- Using your Mission Statement to Establish Classroom Routines - February 27, 2017
- Why you need a Classroom Mission Statement - February 21, 2017
- Not My Secretary of Ed (Why the butt that Occupies the Federal Seat Matters to my Classroom) - January 27, 2017
- CA politician discusses willful defiance, educational priorities - October 7, 2014
- Teacher-Saving Web Tools, Part I: Differentiate reading news with Newsela and Readability - October 2, 2014
- CA Bill Addresses Suspensions and Expulsions - September 11, 2014
- Teaching Ferguson: Resources for High School - September 3, 2014
- Meet the Parents: A Young Teacher’s Back to School Night - August 28, 2014
- Minimize Homework to Maximize Your Classroom - August 22, 2014
- The State of Education: Funding Control Changes in California - February 26, 2014
Reading skills are critical to teach our students – but it’s such a stressor to find relevant, newsworthy materials that ALSO hit a variety of reading levels and ALSO are free of all the advertisements, sidebars, and distractions. I’ve spent (wasted) so much time adapting articles myself and copy-and-pasting them into Word docs so that my students get a meaningful reading experience that’s accessible to all. But I recently found the ultimate game-changers!
Welcome to Part 1 of a multi-part series that introduces you to amazing time-saving and lesson-changing websites and Chrome extensions. Today is focused on reading.
I. Newsela.com (website)
As a social science teacher, I often try to find news articles to integrate in to my lessons. Often, though, the articles are dense, require technical knowledge, and/or use complicated sentence structures and vocabulary. While some students can read this with ease, I know it will frustrate and shut down others.
Before now, I would typically take my own time to adapt an article. Change some of the vocab, simplify a sentence, cut out unnecessary details. I would provide these “simpler” version to students who needed them. But of course this take a great deal of time.
Then I found Newsela.
Built for teachers, the Newsela staff finds high-interest, newsworthy articles from the Associated Press and adapts them at five different reading levels. Each article has a sidebar that allows the reader to change the degree of difficulty at will. Here’s an example of an article at the highest reading level:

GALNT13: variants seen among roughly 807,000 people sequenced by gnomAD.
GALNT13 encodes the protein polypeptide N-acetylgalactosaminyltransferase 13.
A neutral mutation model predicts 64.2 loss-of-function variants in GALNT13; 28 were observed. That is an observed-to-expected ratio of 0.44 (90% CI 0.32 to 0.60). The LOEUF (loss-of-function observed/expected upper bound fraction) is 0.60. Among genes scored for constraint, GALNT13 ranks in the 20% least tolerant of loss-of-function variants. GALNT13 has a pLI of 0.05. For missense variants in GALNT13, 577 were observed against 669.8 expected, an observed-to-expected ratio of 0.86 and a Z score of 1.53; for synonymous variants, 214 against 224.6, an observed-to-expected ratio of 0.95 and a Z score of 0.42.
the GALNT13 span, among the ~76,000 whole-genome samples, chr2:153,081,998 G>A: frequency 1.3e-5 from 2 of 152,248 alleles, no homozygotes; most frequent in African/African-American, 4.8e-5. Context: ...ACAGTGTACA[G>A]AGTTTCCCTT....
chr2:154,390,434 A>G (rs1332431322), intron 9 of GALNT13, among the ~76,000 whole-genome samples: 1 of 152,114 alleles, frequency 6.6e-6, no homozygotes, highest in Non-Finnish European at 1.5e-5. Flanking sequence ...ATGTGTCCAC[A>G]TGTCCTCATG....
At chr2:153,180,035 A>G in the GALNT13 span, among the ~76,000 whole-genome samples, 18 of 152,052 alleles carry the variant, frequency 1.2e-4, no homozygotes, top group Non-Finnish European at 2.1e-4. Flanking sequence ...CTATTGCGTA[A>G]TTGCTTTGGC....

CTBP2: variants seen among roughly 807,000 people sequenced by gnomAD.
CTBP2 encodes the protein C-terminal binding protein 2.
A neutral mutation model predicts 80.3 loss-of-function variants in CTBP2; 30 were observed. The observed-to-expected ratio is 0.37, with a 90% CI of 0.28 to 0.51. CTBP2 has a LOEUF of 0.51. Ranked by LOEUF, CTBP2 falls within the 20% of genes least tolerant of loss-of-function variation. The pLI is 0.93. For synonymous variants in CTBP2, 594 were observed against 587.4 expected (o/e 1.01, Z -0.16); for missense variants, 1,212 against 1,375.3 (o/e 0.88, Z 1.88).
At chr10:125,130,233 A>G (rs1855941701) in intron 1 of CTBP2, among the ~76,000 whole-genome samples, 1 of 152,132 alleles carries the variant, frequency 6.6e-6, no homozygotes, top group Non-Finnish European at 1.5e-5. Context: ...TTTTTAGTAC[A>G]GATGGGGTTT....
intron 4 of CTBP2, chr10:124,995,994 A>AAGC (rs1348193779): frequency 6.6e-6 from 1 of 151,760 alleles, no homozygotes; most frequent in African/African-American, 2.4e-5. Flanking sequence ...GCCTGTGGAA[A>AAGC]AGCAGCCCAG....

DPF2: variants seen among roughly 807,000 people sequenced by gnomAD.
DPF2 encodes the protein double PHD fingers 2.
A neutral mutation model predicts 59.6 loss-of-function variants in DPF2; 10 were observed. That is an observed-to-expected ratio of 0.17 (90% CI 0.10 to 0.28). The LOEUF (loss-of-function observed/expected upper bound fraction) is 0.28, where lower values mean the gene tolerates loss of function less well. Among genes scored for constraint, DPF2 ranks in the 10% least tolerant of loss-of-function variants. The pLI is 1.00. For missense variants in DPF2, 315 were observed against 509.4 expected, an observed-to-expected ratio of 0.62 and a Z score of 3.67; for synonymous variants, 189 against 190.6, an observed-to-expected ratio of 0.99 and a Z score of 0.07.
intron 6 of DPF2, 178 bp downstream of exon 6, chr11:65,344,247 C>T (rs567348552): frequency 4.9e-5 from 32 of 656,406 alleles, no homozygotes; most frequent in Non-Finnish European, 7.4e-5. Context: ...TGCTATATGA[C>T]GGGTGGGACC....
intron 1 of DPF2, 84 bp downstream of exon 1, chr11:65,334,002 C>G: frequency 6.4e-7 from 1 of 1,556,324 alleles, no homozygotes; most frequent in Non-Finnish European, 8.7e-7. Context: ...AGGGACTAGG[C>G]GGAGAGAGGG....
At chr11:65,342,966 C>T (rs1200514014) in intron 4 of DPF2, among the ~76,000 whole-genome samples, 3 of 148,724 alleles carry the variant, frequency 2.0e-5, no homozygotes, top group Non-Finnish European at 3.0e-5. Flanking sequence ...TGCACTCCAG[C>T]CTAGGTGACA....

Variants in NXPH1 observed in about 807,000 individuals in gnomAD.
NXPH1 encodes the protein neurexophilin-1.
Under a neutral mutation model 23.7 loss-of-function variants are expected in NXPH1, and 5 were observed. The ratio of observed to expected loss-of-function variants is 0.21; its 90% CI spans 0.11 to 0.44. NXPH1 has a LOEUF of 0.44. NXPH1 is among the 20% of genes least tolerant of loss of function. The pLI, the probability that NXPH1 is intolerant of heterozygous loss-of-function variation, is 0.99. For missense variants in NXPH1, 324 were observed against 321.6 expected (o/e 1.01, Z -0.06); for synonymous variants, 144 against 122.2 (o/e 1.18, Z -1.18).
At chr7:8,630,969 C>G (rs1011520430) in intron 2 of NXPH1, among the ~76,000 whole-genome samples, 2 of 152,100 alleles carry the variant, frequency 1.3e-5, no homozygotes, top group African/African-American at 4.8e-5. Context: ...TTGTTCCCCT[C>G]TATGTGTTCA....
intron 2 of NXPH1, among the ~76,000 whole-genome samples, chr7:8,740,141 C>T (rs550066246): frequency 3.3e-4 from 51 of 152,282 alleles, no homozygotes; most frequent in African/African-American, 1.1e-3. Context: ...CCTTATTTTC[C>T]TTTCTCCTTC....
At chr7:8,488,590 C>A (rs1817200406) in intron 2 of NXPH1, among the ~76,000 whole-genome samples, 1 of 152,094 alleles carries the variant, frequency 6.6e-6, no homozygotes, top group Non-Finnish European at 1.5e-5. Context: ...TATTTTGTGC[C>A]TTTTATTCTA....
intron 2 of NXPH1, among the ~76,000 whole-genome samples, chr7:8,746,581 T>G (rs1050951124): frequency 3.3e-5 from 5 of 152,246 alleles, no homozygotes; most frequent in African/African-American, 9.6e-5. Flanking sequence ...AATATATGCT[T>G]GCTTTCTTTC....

The first two paragraphs (boxed in red) read:
“ On Wednesday, around 1,000 students from several high schools in suburban Denver participated in what was the largest yet in a series of student demonstrations. They were there to oppose a new set of high school history standards proposed by a conservative-led school board.
“Most of the young protesters gathered at a busy intersection, chanting ‘Education without limitation!’ and waving signs and American flags.”
Compare that to the article set at the lowest reading level, which was changed by clicking the sidebar (red arrow):
Its first paragraph (boxed in red) reads:
“On Wednesday afternoon near Denver, about 1,000 students gathered in the streets. They came from several high schools. New teaching rules may soon shape what they learn in their history classes. Students were there to stop that from happening.”
Notice the difference between the sentence structure and vocabulary. Now every student can read the same story, but still be challenged to grow as a reader.
If students can access these articles on a device in the classroom, they can further engage with the article. Not only can they set to difficulty themselves (which may aid in a metacognitive reflection of their own reading level), but once text is highlighted, tools pop up which allow the student to highlight the text and write notes in the margins. Now students can directly engage with the article, instead of passively reading it.
II. Readability (Chrome extension)
What if you can’t find an article you like on Newsela? Unfortunately, a lot of other news sites are littered with advertisements, sidebars, follow-up articles, and unrelated images. This can be a nightmare for the easily-distracted student.
Enter Readability, the Chrome extension which filters out the clutter and leaves you with just the article’s text and photo.
To get Readability, go to the Chrome store and search for “Readability.” Add it to your browser. Once it’s there, you’ll see a red chair favicon next to your browser bar (circled and pointed out in blue):
Note that as this is a Chrome extension, it will only work in the Google Chrome browser – so it will not work in Internet Explorer, Foxfire, Safari, Opera, or another browser.
So how does Readability work? I went to Fox News and found an article on Syria that interests me. Here’s the standard webpage below:
Too many distractions! I clicked on the red chair favicon, and a menu popped up. I selected “read now,” and I got a clutter-free version:
Now it’s a readability URL instead of a foxnews URL. I can take that URL to a shortener (such as goo.gl or bit.ly) and generate a short URL that my students can access directly on their devices. This way they will never even go to the original web page and see all the distractions! Or I can print out the article in its Readability version, and make a class set. This saves paper, as no space—nor ink—is wasted on fluff.
Since learning about these two tools, reading current events in my classroom has been transformed. How might you use these tools? What about teachers of other subjects besides social science? Are there any reading-related web tools without which you cannot function as a teacher?
This is part 1 of a multi-part series on web tools, so I will be writing about more websites, Chrome extensions, and apps. Please let me know if there is something in particular that interests you so I can write about it next!